Amazon UK: you fail.

It so happens I like(d) Amazon but they really have failed me now, probably for the last time.

First of all you have to know that the majority of Italian credit cards aren’t like the one around in US, rather than paying all at once at the end of the month, they tend to force you to pay in installments, which is quite fine as long as I’m waiting to be paid, but are not good if I have the money at hand, as it adds interests that I could avoid otherwise.

Sure there are pre-paid cards, but it’s an hassle to handle, they are quite limited in payment, can’t be confirmed in PayPal, and usually allows you to charge them only with a fixed amount of money, so you can’t just load 234.34 euro. And each charge costs you money too.

So when I did see that my bank’s (UniCredit Banca) debit card switched to a smartcard with embedded the 19 digits Maestro code, and that Amazon UK supposedly accepted Maestro debit cards, I decided to get a new debit card, replacing my old one that didn’t have the Maestro code. This took me two weeks to have my new Bancomat card working with its PIN. Incidentally, about at the same time I had trouble with my prepaid card, so I returned that too, leaving myself with just the MasterCard credit card.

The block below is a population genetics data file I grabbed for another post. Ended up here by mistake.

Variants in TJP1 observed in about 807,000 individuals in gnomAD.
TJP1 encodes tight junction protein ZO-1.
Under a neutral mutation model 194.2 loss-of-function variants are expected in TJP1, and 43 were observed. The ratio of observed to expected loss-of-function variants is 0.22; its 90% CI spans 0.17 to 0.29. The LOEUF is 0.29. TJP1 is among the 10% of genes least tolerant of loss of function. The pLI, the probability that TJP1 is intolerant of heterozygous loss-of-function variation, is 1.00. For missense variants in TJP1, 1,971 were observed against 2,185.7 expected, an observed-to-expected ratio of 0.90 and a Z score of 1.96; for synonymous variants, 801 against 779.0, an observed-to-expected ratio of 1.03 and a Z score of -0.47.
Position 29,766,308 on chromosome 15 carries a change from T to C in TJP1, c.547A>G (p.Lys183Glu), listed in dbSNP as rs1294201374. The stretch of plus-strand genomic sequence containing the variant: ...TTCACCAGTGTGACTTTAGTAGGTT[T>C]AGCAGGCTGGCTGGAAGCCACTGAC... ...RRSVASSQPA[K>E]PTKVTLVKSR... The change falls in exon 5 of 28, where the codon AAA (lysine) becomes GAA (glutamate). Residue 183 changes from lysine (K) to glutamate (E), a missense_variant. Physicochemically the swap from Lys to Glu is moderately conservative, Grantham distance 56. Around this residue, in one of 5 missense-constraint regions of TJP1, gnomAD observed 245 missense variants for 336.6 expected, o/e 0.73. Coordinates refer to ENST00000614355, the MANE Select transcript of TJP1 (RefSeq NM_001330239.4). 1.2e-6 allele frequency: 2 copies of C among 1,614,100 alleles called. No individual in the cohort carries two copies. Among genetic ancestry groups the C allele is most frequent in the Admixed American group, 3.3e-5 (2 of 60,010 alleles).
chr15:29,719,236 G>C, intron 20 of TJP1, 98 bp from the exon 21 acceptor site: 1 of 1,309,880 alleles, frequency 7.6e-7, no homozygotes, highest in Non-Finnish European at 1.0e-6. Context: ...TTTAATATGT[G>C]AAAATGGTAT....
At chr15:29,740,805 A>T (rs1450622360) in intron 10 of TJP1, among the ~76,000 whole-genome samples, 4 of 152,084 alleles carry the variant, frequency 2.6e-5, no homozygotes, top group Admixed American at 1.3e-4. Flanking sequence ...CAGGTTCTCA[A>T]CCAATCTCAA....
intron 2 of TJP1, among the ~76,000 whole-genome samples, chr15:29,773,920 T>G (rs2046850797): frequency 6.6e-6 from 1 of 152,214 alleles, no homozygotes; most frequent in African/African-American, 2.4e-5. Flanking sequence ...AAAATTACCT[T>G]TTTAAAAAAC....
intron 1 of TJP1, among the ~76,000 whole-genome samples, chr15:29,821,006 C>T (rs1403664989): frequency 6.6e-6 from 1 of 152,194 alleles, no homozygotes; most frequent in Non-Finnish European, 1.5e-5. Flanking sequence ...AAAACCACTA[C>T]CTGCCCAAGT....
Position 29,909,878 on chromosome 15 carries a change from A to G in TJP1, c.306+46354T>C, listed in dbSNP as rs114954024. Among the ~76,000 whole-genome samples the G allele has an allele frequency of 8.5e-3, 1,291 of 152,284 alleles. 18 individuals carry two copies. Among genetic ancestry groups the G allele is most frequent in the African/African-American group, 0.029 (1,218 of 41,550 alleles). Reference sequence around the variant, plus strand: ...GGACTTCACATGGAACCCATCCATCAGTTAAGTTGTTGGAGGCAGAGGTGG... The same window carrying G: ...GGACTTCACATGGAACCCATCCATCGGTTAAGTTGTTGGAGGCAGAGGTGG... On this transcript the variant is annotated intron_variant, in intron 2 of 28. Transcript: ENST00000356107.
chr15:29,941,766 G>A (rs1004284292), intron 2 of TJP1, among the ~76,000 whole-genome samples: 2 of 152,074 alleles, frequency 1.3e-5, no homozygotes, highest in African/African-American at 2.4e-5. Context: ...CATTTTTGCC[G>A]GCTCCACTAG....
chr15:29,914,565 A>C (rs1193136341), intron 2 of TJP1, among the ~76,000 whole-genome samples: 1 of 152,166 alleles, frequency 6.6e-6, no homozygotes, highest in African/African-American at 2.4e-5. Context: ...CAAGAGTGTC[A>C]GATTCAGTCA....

When I finally decided to place an order, my Maestro card was rejected: they wanted either a start date or an issue number, and Maestro cards in Italy don’t have either. Googling around, seems like Irish cards also don’t have those, and they actually seem to be an UK-only feature. So I contacted Amazon customer care. (I also tried placing an order with Play.com, but although they first accepted the code, they rejected it afterward, which pissed me off in a different way)